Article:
The peer-to-peer debate

We must do more to promote best practice and provide detailed verification to demonstrate that this type of lending is beneficial and provides a viable alternative.

The peer-to-peer debate

Tony Ward is chief executive of Clayton Euro Risk

In some ways I was glad to read comments made by former City regulator Adair Turner about what he sees as the danger posed by peer-to-peer lending. I’ll explain why in a moment.

But first, those comments: in an interview with BBC Radio 4's Today programme, Lord Turner counselled caution on the industry. "The losses which will emerge from peer-to-peer lending over the next 5–10 years will make the worst bankers look like lending geniuses,” he said. “You cannot lend money to small and medium-sized enterprises without someone doing good credit underwriting." Proper checks were required, he argued, to ensure a company actually possessed the premises, equipment and expertise it claimed.

Peer-to-peer lending is certainly one of the fastest-growing areas of financial services, and is likely to become even more popular once P2P can be included in Isas from April 6. Growth has been remarkable: in a decade, £2.6bn has been lent out by 100,000 Britons in the form of peer-to-peer loans.

As someone who supports this type of lending and believes it has a prominent role to play as part of the wider lending market, you may wonder why I am pleased that Lord Turner made these points.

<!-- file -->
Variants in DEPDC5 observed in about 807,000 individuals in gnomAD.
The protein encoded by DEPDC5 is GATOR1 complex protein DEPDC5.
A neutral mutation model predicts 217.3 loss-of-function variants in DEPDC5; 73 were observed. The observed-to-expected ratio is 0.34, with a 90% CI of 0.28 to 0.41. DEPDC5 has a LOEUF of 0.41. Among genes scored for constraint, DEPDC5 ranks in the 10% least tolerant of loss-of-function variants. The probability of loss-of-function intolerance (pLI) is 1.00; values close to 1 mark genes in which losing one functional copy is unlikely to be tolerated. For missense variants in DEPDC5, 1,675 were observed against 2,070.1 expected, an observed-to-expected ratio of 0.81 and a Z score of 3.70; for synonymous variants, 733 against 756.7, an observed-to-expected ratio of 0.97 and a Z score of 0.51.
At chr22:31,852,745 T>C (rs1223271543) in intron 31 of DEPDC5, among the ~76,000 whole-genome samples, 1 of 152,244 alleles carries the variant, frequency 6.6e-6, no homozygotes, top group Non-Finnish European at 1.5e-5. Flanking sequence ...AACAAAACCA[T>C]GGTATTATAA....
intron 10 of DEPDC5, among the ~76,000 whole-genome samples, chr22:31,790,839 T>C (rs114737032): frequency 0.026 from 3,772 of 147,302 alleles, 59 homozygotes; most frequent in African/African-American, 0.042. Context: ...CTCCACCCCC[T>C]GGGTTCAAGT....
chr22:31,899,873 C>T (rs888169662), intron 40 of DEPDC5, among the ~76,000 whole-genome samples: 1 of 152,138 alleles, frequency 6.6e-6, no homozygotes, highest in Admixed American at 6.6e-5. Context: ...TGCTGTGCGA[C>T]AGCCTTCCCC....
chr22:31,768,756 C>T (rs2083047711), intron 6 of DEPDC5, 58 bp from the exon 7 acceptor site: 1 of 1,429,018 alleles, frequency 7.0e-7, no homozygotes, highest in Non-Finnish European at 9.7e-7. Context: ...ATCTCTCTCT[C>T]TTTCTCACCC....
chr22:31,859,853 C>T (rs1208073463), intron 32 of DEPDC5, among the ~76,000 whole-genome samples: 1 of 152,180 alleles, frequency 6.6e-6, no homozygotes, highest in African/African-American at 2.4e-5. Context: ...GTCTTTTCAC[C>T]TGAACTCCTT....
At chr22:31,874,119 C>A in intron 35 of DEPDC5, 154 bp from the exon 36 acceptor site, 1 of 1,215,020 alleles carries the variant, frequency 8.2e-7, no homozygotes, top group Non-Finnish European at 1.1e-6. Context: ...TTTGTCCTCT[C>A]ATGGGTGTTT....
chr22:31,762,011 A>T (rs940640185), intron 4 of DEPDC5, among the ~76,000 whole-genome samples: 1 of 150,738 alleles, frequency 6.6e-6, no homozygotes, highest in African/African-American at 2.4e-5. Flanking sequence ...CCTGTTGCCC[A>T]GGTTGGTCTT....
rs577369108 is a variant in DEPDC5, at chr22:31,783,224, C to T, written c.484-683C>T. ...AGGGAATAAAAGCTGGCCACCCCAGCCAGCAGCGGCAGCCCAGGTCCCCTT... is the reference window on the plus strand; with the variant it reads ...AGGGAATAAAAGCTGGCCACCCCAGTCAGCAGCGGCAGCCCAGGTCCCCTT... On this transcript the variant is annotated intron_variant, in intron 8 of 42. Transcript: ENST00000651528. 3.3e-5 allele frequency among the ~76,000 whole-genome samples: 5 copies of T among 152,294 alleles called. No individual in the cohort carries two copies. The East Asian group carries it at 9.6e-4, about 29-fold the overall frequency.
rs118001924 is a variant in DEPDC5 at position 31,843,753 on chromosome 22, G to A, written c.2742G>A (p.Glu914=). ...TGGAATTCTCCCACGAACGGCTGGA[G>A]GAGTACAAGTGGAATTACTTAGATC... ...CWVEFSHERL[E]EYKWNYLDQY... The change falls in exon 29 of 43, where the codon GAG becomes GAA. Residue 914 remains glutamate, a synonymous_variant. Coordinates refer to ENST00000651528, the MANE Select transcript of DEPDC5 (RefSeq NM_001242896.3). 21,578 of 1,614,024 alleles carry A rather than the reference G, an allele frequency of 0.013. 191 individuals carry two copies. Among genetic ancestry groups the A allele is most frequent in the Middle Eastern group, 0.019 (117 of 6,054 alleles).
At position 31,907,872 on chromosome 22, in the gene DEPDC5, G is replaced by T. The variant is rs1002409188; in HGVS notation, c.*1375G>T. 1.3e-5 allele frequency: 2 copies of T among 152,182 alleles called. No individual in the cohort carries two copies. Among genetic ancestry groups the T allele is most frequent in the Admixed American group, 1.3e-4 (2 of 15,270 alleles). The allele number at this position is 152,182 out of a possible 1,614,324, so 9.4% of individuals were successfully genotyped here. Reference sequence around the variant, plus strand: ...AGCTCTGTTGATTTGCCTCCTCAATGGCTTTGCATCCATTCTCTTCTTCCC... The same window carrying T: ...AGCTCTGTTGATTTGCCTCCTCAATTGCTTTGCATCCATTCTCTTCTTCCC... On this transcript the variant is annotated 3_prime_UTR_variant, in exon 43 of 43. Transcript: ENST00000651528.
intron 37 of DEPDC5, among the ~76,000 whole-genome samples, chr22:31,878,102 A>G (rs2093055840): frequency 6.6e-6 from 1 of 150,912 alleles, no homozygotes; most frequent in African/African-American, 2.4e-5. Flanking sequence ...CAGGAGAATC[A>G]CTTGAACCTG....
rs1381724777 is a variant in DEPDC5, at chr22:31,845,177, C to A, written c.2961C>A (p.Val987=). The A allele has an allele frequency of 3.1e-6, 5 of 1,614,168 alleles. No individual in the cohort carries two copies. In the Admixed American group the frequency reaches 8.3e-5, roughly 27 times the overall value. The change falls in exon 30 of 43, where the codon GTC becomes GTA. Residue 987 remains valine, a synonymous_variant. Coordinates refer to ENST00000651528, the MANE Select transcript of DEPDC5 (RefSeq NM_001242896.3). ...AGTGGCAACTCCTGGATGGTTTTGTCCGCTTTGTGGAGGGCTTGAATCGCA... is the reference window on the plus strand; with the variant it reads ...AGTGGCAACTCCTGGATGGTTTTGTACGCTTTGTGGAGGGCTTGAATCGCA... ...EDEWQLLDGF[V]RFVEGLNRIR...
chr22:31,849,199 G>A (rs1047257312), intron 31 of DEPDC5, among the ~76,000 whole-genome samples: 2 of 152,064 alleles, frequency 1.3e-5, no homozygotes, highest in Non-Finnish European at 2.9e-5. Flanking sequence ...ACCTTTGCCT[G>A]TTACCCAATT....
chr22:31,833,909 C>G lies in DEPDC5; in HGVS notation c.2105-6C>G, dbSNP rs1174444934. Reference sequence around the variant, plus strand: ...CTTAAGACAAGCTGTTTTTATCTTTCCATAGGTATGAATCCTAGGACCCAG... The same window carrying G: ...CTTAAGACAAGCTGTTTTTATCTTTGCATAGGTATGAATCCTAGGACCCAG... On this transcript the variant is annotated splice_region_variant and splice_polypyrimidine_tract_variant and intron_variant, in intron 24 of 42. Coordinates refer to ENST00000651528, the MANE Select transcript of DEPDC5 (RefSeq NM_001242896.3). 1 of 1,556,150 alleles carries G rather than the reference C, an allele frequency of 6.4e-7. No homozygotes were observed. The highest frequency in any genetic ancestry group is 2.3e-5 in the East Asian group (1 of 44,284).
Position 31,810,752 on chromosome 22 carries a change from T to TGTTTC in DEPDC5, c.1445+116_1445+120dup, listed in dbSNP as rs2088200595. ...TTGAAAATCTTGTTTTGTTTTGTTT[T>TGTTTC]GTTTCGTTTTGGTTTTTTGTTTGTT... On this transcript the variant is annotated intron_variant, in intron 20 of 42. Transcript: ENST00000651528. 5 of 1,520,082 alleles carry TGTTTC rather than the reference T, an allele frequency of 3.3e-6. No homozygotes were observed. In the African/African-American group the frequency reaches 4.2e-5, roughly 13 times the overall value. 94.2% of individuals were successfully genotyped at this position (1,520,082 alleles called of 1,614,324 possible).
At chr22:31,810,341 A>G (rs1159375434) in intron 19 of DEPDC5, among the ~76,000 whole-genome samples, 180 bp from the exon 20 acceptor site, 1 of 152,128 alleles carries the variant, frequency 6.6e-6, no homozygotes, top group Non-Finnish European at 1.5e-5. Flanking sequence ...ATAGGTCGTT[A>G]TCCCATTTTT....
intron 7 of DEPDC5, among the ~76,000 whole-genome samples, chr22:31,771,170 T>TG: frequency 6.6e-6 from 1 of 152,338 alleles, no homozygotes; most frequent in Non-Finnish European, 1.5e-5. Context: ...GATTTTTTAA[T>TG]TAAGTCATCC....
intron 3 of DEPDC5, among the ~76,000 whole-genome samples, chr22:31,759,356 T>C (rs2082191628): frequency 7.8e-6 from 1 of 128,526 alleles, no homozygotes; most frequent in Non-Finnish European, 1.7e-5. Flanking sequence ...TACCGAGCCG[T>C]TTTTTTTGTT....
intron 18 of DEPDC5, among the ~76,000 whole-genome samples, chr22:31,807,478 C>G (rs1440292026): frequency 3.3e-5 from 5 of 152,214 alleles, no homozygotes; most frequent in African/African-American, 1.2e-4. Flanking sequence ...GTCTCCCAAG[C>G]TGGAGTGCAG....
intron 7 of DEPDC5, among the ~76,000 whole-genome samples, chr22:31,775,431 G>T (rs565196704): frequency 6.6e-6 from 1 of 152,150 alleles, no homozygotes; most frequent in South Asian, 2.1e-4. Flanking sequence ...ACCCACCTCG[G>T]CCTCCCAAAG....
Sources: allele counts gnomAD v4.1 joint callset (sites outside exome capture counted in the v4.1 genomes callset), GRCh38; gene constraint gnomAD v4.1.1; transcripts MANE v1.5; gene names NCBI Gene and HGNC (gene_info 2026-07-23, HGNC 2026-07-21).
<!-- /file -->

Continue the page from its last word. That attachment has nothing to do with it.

First, he’s opened up an interesting debate. While I do not agree with the broad brush strokes of Lord Turner’s comments – they simply don’t bear up to scrutiny – I do empathise with his point that not all lenders behave responsibly and diligently.

Some P2P providers such as Landbay are doing an exemplary job and act as a role model for the industry. How so? They apply rigorous credit analysis and best practice financial processes. They also commit to independent stress tests to Bank of England standard. Strict credit underwriting rules apply and these businesses operate with high standards of transparency and business conduct.

Of course, not all who operate in this niche have the same exacting standards and this is where Lord Turner’s views strike the right note.

The answer is to see it holistically and to recognise that, actually, it’s no different from lending undertaken by banks and building societies. With that I see the need for complete transparency; thorough checks and balances have to be made, and the returns must be carefully weighed against the risks. With this in mind, I’m pleased to see that peer-to-peer lenders are now undergoing authorisation by the Financial Conduct Authority, which can only be a good thing.

Going further, I think we will see more independent oversight and surveillance of these entities being undertaken by due diligence and risk analytics firms. These checks will provide solid evidence that a lender is well-managed and controlled and in doing so, they will offer the much-needed comfort that both the consumer and industry needs. Given this added layer of scrutiny, this is a market set to grow.

Not all peer-to-peer lenders are the same. However, we must do more to promote best practice and provide detailed verification to demonstrate that this type of lending is beneficial and provides a viable alternative.